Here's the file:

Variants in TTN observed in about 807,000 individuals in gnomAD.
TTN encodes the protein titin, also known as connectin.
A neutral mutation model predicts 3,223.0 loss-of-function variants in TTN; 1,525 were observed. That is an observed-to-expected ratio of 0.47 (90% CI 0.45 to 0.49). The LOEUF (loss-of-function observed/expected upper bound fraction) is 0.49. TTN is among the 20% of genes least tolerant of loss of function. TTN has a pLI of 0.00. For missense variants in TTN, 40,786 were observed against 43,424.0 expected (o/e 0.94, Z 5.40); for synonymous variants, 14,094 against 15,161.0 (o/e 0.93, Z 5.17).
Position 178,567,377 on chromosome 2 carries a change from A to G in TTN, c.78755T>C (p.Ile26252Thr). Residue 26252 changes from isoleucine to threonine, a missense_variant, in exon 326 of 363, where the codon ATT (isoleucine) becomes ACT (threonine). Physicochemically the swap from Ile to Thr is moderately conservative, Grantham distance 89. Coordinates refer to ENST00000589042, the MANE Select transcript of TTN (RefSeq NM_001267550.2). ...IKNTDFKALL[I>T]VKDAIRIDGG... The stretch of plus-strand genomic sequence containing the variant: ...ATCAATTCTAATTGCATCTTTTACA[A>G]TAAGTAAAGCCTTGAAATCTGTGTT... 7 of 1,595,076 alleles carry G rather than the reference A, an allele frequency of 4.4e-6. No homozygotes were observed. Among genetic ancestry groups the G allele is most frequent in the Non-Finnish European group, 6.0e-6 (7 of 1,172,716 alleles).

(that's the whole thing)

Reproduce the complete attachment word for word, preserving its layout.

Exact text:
Variants in TTN observed in about 807,000 individuals in gnomAD.
TTN encodes the protein titin, also known as connectin.
A neutral mutation model predicts 3,223.0 loss-of-function variants in TTN; 1,525 were observed. That is an observed-to-expected ratio of 0.47 (90% CI 0.45 to 0.49). The LOEUF (loss-of-function observed/expected upper bound fraction) is 0.49. TTN is among the 20% of genes least tolerant of loss of function. TTN has a pLI of 0.00. For missense variants in TTN, 40,786 were observed against 43,424.0 expected (o/e 0.94, Z 5.40); for synonymous variants, 14,094 against 15,161.0 (o/e 0.93, Z 5.17).
Position 178,567,377 on chromosome 2 carries a change from A to G in TTN, c.78755T>C (p.Ile26252Thr). Residue 26252 changes from isoleucine to threonine, a missense_variant, in exon 326 of 363, where the codon ATT (isoleucine) becomes ACT (threonine). Physicochemically the swap from Ile to Thr is moderately conservative, Grantham distance 89. Coordinates refer to ENST00000589042, the MANE Select transcript of TTN (RefSeq NM_001267550.2). ...IKNTDFKALL[I>T]VKDAIRIDGG... The stretch of plus-strand genomic sequence containing the variant: ...ATCAATTCTAATTGCATCTTTTACA[A>G]TAAGTAAAGCCTTGAAATCTGTGTT... 7 of 1,595,076 alleles carry G rather than the reference A, an allele frequency of 4.4e-6. No homozygotes were observed. Among genetic ancestry groups the G allele is most frequent in the Non-Finnish European group, 6.0e-6 (7 of 1,172,716 alleles).